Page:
Every Tuesday and Friday, World Trademark Review presents a round-up of news, developments and insights from across the trademark sphere. In our latest edition, we look at a registry’s plans to charge trademark owners for access to WHOIS data, the war of words over the European Commission’s plans for an IP markets watch list and a blow for Apple in the Norwegian courts. Coverage this time from Trevor Little (TL), Adam Houldsworth (AH) and Timothy Au (TA).

Legal Radar:

Apple loses counterfeit case against small Norwegian repair shop – Apple has failed to convince a Norwegian court that a local shop owner was guilty of selling counterfeit iPhone parts. Henrik Huseby, owner of electronics repair shop PCKompaniet, had been accused of trademark infringement for importing and selling replacement iPhone screens despite not being an officially approved Apple repair provider. Apple sent him a cease and desist letter in 2017, following the interception by Norwegian customs of 63 iPhone screens, with the Apple logo covered by marker pen, due to be delivered to Huseby. After refusing to pay the equivalent of $3,565 to settle the case, Huseby was taken to court by Apple, which claimed that it had not manufactured the screens, and alleged that the importation of the parts from Asia constituted trademark infringement. Huseby responded that Apple was seeking an unfair monopoly on the repair of its products, that he had not advertised himself as an authorised Apple repair shop, and that Apple’s logo had been covered with marker pen because it was not relevant to his marketing. While the court was not entirely satisfied with Huseby’s arguments, it ruled that the defendant was not guilty of trademark infringement, because the logo had not been visible or used in marketing his services. (AH)

Château Petrus loses right to protect its name against £10 wine brand – Pomerol estate Château Petrus suffered a major setback in its attempt to prevent a rival from using the ‘Petrus’ name after a French appeals court overturned a previous ruling and allowed CGM, the producer of Petrus Lambertini, to continue to use the name. The dispute has been ongoing since 2011, when the luxury wine producer took CGM to court to prevent it from using the ‘Petrus’ mark on its blended wines that sell for under £10 – in contrast, the average price of a bottle from Château Petrus exceeds £1,800. It had accused CGM of “unfair and misleading commercial practices” after it noticed a third-party seller advertising Petrus Lambertini as Petrus’ “second wine”. In the first instance, it was found that there was a risk of confusion for consumers, and CGM was fined and ordered to halt sales of its Petrus Lambertini products. But CGM has now successfully appealed the decision. The appeals court stated that the two labels are “radically different” and it applauded CGM on its “clever use of the trademark”. A spokesperson for Château Petrus has stated the company would be launching a counter-appeal to a higher court to assess the legality of the decision by the appeals court. (TA)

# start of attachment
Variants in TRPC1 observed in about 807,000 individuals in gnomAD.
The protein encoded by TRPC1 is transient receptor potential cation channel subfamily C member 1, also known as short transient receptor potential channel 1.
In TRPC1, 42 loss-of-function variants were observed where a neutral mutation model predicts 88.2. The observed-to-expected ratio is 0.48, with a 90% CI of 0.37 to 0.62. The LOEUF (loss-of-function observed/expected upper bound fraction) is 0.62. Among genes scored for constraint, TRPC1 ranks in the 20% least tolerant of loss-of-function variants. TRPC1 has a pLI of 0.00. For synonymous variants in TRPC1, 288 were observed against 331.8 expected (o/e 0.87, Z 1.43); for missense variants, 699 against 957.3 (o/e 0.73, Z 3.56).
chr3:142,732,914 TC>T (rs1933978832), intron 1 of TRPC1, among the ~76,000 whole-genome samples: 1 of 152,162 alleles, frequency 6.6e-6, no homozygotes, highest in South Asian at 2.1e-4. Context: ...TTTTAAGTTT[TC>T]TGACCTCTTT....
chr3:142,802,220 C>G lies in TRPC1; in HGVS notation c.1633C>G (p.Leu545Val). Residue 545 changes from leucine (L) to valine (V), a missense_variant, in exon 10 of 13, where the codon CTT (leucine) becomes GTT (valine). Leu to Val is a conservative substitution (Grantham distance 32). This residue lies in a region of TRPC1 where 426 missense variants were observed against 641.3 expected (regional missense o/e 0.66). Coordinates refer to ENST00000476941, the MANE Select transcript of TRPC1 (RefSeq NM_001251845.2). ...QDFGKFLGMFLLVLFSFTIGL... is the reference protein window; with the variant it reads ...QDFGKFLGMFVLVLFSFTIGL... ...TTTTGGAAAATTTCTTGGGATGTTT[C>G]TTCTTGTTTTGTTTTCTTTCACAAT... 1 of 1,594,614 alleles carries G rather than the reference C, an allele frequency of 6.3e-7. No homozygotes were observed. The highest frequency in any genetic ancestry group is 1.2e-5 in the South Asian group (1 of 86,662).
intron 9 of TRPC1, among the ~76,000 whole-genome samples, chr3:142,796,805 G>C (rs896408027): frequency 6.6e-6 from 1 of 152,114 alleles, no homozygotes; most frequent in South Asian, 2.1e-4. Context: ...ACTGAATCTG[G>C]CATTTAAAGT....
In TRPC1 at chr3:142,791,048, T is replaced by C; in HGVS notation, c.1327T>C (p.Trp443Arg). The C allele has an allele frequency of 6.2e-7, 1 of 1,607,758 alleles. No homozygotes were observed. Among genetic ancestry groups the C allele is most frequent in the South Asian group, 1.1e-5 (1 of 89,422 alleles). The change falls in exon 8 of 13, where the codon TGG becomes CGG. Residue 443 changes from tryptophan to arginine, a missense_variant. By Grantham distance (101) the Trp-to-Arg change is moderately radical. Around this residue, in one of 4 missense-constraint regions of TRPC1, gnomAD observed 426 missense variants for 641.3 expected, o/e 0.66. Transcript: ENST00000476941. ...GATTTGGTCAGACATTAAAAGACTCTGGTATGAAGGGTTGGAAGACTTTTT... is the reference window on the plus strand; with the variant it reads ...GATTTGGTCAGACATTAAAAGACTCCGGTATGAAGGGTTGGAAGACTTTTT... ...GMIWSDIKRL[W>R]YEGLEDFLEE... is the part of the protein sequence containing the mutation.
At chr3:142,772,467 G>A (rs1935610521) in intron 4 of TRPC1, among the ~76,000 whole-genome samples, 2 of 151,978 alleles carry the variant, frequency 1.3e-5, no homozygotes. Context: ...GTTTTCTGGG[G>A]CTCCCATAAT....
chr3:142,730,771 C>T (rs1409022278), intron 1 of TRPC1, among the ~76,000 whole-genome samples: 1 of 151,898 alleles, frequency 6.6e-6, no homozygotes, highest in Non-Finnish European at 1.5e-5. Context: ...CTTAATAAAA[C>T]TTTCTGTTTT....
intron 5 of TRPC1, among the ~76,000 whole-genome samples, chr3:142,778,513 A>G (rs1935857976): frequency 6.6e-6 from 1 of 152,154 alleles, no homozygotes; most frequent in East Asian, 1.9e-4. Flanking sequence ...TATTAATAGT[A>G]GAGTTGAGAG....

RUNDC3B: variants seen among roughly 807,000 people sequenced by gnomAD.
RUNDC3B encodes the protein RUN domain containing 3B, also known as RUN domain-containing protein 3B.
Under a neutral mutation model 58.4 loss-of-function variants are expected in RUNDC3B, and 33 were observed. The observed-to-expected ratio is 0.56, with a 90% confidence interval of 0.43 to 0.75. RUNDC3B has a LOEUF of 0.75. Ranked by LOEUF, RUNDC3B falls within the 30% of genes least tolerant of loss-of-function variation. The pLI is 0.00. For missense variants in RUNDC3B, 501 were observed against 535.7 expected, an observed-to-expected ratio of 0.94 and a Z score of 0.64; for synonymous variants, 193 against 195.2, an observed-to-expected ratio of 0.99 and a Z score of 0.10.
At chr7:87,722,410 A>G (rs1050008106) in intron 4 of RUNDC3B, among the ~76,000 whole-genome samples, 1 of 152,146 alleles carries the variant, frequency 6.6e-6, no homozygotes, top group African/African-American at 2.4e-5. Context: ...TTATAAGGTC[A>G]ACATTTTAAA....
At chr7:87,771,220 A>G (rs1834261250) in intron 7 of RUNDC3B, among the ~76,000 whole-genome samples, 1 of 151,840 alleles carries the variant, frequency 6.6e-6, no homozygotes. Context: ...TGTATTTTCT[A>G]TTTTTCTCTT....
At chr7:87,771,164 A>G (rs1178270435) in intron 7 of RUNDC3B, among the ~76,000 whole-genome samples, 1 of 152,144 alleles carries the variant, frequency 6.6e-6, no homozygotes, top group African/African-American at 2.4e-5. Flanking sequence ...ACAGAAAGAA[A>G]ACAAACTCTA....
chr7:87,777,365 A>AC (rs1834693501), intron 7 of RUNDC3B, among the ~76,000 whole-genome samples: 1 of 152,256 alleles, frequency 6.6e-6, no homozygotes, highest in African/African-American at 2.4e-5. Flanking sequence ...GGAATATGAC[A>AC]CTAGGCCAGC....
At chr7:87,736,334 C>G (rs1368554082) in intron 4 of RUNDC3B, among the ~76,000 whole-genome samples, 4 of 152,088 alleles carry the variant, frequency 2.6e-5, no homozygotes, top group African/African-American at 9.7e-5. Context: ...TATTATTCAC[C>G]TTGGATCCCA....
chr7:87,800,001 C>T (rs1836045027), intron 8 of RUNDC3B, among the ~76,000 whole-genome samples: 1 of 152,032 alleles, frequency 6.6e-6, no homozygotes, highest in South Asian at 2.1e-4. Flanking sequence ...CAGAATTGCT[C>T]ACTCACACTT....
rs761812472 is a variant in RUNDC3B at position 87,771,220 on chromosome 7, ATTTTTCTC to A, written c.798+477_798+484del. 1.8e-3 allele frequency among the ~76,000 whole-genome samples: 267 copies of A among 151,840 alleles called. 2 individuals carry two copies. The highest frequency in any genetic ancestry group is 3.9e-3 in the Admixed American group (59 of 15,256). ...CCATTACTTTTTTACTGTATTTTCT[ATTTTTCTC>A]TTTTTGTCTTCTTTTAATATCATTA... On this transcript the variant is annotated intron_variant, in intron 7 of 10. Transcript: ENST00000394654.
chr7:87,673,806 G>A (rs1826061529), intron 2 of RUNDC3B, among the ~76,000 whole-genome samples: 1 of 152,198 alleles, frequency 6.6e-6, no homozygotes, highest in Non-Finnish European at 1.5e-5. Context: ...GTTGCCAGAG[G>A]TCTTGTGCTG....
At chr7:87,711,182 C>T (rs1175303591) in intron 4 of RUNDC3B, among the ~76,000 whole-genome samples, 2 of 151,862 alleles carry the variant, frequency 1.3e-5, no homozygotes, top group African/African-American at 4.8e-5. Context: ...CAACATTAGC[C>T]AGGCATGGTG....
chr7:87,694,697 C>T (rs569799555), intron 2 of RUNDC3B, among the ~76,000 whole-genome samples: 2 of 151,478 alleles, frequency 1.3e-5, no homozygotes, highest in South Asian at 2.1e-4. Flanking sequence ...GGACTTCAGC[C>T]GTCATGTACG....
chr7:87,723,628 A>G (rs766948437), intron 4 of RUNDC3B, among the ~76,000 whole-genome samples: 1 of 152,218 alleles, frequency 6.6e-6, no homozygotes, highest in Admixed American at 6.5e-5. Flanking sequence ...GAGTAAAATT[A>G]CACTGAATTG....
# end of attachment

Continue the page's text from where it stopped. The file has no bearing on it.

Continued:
Canadian pharmacy to pay fine for importing counterfeit drugs – Canada Drugs, a leading online pharmacy, has been ordered by a US court to pay $34 million for selling fake, unapproved and mis-labelled drugs. The company admitted that it was guilty of the charges, and its founder, Kristjan Thorkelson, admitted knowingly concealing a felony. In addition to the company’s fine, the court instructed Thorkelson to pay $250,000 and serve six months under house arrest, followed by four and a half years’ probation. The imported drugs included counterfeits of Roch cancer treatments Avastin and Altuzan, it has been reported. Responding to the decision, Shabbir Safdar, executive director of the Partnership for Safe Medicines, said the outcome was “a slap on the wrist and an insult for to victims of Canada Drugs’ crimes”. (AH)

Market Radar:

Wetherspoon shuts down all social media presence – JD Wetherspoon, a UK pub chain with 900 outlets, announced this week that it was closing down all its social media accounts, including on Facebook, Twitter and Instagram. Chairman Tim Martin explained that the company was “going against conventional wisdom that these platforms are a vital component of a successful business,” adding that there were concerns that “pub managers were being side-tracked from the real job of serving customers”. However, this reasoning has been met with scepticism. Commentators have noted that the company had failed to garner a significant following on any of its social media accounts and much of its online activity involved dealing with complaints. Additionally, it had been targeted on Twitter for its support of Brexit, while its Facebook pages were plagued by a number of bad reviews – some of which are still up. Martin has denied that the move is a publicity stunt, though, and also stated that he would not rule out the possibility of re-opening its accounts. In an age where a strong social media presence is seen as imperative in brand marketing, it will be worth keeping an eye on how the situation develops and the effect this move will have on the pub chain’s business. (TA)